Photo from tea rose’s Flickr photostream. Used under a Creative Commons license.
The Chinese government yesterday released a white paper on human rights in the country in 2009, highlighting economic, social and judicial improvements, as well as the role of the Internet in helping to safeguard citizens’ civil and political rights.
Titled Progress in China’s Human Rights in 2009, the white paper claims “the overall cause of human rights has been promoted in an all-round way.” Internet freedom is a big theme of the document, which argues Chinese netizens’ right to freedom of speech online has been protected, with the Internet becoming a new channel for the Chinese government to gauge public opinion and actively engage with citizens. The report also cites the ongoing task of making government affairs more transparent, such as through the setting up of websites run by government agencies allowing the public to report instances of corruption amongst officials.
The report adds that Chinese people’s standard of living has improved socially and economically, with per capita incomes of both rural and urban residents increasing by 8.5% and 9.8% respectively between 2008 and 2009. Economic successes were on the rise:
In 2009, China appropriated 42 billion yuan to create new jobs, an increase of 66.7 percent over the previous year.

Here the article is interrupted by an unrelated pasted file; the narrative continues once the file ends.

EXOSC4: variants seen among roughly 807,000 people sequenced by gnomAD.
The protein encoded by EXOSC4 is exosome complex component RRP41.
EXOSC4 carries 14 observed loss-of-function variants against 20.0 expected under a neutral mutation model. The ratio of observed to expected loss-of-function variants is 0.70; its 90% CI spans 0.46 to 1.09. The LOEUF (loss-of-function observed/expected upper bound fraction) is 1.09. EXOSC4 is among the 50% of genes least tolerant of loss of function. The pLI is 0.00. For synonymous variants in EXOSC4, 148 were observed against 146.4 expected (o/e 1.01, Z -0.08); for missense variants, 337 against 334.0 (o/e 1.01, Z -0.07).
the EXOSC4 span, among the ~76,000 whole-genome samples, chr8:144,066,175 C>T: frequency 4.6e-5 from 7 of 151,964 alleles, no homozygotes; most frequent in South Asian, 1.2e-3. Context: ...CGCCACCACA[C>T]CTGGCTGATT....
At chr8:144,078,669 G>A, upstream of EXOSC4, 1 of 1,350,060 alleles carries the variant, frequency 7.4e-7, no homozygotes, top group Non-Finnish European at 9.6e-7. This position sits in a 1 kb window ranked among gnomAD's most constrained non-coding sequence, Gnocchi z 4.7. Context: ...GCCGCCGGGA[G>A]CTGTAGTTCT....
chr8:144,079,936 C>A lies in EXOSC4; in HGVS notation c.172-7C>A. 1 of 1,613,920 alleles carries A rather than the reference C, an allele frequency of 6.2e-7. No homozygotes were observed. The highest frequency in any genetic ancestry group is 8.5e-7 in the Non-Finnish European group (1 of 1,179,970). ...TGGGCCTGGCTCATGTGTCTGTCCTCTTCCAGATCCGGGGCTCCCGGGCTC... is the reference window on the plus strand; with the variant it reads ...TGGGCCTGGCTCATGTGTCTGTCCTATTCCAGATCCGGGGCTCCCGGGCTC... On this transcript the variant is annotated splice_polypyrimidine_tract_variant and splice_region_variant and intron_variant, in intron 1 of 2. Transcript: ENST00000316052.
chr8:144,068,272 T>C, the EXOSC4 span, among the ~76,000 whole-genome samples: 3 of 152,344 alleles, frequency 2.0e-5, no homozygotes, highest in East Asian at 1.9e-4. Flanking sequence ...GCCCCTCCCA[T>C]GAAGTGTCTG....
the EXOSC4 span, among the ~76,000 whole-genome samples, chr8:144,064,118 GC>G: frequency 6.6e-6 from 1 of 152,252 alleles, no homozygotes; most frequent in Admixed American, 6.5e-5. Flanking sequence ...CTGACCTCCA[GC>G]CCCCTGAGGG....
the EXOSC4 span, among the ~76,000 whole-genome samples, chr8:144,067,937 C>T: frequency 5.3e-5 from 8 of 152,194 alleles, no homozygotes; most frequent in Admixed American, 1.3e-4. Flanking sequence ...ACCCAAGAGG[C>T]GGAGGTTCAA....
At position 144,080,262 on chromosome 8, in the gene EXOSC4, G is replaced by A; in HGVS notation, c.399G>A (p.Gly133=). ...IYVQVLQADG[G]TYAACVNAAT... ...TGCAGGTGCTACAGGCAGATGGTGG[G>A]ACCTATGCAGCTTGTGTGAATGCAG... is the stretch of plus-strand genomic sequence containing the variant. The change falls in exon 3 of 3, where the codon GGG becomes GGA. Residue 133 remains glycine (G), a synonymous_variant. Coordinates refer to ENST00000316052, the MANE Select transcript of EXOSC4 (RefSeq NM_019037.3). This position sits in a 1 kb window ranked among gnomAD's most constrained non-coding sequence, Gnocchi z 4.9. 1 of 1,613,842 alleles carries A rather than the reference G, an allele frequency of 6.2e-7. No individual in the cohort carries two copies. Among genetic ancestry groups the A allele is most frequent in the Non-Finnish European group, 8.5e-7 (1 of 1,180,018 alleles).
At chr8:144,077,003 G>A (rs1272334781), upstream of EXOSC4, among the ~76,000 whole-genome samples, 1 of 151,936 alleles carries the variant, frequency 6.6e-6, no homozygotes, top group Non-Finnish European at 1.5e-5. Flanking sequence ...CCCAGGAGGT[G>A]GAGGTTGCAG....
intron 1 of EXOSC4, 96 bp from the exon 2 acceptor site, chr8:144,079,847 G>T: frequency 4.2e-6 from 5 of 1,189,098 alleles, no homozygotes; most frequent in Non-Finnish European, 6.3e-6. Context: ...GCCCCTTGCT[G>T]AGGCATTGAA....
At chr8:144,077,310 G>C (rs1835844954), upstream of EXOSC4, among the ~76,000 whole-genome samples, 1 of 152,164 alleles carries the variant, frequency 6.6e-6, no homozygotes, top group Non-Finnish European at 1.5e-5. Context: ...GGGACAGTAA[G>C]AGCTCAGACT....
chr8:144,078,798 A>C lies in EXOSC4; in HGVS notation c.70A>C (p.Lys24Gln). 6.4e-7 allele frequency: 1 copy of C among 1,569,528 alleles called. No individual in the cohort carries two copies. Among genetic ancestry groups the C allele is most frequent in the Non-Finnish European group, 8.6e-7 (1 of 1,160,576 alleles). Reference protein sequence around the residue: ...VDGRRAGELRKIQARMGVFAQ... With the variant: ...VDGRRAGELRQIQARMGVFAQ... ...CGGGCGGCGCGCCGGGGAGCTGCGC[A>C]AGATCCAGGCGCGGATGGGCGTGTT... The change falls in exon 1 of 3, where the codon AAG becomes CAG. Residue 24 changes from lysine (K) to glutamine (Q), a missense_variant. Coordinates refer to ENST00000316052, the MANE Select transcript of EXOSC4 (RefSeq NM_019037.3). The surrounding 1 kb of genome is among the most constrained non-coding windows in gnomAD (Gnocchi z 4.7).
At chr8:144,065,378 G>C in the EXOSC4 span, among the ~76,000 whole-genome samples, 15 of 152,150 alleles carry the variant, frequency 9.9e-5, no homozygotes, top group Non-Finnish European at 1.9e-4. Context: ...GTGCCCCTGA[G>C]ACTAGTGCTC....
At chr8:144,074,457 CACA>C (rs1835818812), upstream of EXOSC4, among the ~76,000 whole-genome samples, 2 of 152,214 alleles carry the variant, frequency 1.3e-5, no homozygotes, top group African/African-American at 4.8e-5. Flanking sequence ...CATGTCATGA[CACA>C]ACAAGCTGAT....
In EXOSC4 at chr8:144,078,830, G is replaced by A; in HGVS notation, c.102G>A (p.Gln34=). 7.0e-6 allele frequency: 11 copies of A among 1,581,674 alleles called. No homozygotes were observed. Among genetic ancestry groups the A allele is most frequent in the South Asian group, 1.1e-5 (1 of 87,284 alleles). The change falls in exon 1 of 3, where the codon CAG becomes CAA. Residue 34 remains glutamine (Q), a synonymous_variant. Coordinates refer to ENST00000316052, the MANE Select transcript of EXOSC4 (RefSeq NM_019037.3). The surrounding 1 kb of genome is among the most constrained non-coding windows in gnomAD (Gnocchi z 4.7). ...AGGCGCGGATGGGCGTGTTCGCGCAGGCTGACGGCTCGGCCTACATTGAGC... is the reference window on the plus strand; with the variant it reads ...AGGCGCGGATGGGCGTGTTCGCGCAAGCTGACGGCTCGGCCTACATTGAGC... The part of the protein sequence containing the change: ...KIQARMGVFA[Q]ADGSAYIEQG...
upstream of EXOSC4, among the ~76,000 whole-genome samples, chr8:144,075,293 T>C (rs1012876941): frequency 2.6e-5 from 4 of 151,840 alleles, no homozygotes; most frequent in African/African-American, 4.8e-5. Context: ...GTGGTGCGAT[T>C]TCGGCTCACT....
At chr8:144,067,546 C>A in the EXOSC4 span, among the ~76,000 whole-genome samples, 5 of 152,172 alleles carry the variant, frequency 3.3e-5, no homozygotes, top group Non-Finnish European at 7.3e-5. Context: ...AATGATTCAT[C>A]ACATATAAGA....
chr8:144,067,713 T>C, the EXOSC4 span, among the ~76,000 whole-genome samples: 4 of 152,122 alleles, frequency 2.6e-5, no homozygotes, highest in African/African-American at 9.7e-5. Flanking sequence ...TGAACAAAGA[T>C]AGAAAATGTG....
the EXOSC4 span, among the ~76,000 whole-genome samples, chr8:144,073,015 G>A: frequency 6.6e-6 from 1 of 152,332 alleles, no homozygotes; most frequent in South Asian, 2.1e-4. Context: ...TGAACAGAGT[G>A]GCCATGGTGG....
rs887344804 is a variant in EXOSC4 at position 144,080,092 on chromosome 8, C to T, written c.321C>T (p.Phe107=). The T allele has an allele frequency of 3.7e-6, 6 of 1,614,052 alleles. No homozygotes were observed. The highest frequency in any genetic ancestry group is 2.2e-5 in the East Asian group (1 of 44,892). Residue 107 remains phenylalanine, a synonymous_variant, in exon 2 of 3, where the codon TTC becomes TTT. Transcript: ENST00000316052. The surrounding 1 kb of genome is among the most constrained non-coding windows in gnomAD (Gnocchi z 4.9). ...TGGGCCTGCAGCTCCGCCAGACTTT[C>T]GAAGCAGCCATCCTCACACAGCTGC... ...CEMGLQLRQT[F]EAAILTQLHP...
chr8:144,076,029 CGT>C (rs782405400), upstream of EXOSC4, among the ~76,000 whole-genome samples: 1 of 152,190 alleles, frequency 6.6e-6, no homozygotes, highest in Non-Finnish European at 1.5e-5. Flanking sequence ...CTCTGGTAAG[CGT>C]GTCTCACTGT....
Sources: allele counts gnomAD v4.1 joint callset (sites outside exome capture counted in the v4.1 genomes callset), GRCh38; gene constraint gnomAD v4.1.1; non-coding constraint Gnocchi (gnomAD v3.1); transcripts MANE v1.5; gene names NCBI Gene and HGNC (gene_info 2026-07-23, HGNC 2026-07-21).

In 2009, 11.02 million new jobs were created and 5.14 million laid-off workers were reemployed in urban areas. The registered unemployment rate was 4.3 percent in urban areas.
The report makes note of changes in the country’s justice system, such as the recent passing of a law prohibiting police brutality. Pressure has been mounting for more effective regulation of the police’s disciplinary actions, with state-owned paper China Daily calling for an end to “inhuman behaviour against criminal suspects” following the expose last May of convicted murderer Zhao Zuohai’s torture at the hands of the authorities.
Speaking to the New York Times, Joshua Rosenzweig of the Hong Kong-based human rights group, the Dui Hua Foundation, said China “deserves credit for taking that step of making new rules where they didn’t exist before.”
He adds, however, that “that can’t stand for actual results. The legislation itself needs to be enforced before you can measure its impact.”